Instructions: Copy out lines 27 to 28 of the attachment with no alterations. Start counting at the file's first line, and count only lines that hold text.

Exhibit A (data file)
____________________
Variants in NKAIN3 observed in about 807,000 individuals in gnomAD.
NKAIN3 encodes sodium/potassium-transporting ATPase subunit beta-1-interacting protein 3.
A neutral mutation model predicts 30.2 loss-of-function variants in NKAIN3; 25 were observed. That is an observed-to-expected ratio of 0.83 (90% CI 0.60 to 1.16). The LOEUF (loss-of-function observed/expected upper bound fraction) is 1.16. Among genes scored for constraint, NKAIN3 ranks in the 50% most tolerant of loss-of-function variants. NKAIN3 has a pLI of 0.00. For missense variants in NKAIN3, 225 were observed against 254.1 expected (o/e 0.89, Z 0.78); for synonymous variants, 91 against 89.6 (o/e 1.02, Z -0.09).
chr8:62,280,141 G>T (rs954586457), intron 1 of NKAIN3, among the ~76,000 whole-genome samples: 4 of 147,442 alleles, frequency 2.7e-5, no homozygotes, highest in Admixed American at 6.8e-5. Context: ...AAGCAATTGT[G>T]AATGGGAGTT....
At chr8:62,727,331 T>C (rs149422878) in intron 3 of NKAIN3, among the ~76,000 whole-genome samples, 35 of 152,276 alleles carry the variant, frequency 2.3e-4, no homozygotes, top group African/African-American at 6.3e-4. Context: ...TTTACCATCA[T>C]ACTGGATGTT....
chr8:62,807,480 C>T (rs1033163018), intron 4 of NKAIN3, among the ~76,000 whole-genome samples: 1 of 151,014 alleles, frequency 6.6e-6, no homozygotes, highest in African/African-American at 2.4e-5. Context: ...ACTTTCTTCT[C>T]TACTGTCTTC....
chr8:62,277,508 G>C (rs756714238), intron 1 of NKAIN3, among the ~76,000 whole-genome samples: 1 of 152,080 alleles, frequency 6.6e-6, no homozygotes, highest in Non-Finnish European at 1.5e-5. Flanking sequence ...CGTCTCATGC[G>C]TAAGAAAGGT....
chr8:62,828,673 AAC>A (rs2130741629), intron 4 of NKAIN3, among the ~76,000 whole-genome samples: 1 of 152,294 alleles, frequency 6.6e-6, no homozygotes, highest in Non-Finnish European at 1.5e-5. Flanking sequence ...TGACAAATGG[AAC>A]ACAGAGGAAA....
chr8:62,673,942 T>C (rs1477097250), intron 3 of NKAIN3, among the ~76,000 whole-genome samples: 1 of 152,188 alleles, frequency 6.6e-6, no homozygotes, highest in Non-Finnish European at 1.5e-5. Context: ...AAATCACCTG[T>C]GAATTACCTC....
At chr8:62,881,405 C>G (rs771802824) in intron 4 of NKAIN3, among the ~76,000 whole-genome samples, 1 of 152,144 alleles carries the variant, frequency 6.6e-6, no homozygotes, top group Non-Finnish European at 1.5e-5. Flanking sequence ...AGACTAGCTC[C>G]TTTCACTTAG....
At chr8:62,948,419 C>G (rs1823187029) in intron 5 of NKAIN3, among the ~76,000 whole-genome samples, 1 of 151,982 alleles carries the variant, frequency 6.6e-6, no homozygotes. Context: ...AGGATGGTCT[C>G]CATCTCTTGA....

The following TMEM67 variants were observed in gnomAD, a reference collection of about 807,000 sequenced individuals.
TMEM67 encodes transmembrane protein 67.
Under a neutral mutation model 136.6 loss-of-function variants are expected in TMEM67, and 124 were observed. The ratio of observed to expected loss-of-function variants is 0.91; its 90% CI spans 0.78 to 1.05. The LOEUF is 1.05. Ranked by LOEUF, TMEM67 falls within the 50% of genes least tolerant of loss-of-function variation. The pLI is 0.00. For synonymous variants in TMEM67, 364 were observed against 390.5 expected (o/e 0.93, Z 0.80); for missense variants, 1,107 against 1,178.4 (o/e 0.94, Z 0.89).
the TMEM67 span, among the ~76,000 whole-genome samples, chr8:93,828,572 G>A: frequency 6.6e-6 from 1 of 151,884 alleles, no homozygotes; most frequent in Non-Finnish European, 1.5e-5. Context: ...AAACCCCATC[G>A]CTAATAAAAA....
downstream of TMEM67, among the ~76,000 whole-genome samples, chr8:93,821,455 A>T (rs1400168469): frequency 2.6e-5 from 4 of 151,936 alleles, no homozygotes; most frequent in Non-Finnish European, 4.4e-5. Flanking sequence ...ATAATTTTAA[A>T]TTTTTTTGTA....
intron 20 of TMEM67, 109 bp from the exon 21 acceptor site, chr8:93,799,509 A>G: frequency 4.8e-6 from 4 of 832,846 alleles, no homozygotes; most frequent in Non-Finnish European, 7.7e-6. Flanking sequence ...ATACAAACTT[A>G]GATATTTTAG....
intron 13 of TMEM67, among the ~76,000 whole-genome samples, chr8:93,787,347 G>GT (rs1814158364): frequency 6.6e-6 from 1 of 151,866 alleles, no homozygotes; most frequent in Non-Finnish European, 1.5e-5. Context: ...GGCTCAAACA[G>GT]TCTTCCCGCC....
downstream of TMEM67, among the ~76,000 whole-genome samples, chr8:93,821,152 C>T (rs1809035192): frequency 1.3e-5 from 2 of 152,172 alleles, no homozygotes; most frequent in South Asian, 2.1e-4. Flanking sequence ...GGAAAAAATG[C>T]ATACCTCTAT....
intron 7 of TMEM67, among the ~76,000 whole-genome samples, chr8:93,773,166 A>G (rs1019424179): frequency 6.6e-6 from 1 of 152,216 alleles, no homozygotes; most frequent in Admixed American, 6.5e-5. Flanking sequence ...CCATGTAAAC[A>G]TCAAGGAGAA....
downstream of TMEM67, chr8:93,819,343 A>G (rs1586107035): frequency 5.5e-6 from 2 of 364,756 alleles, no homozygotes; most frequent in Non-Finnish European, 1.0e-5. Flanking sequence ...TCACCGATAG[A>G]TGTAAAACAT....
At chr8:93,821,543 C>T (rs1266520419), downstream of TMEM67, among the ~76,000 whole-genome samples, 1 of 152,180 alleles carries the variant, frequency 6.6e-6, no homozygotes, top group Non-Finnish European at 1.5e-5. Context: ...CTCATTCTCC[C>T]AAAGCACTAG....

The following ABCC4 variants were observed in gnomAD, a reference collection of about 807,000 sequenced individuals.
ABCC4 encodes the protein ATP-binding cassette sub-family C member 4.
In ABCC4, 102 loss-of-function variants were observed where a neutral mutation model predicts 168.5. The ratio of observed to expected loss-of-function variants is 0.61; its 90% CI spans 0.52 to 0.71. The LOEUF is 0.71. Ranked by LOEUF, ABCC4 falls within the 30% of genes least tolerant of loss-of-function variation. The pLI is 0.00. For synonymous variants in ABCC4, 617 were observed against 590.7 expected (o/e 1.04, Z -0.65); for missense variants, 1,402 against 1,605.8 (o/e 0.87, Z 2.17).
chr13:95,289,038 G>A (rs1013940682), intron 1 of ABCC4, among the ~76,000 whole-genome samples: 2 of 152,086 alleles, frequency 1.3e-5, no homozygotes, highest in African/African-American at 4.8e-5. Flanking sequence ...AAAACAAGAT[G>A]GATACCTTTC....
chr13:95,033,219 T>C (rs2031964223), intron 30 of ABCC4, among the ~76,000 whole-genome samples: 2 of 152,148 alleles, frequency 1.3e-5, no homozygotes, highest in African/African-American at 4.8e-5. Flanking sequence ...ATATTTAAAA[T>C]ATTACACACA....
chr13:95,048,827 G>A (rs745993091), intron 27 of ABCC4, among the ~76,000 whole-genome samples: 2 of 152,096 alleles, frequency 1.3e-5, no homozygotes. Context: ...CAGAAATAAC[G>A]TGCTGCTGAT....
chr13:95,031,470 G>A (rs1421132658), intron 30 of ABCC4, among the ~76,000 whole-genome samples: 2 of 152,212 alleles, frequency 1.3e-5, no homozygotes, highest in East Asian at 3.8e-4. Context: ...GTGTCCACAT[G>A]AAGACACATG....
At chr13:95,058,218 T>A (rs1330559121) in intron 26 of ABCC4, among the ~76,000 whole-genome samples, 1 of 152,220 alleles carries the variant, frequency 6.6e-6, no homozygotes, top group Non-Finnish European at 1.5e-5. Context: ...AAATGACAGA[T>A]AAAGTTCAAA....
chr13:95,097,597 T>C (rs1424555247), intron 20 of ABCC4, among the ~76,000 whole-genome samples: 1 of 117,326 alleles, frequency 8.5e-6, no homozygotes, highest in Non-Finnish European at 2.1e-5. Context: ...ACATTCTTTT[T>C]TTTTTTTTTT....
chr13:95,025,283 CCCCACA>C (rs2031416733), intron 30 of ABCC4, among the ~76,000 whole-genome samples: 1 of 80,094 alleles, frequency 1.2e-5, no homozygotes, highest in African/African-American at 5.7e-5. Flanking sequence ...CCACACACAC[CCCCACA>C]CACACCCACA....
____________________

chr13:95,033,219 T>C (rs2031964223), intron 30 of ABCC4, among the ~76,000 whole-genome samples: 2 of 152,148 alleles, frequency 1.3e-5, no homozygotes, highest in African/African-American at 4.8e-5. Flanking sequence ...ATATTTAAAA[T>C]ATTACACACA....
chr13:95,048,827 G>A (rs745993091), intron 27 of ABCC4, among the ~76,000 whole-genome samples: 2 of 152,096 alleles, frequency 1.3e-5, no homozygotes. Context: ...CAGAAATAAC[G>A]TGCTGCTGAT....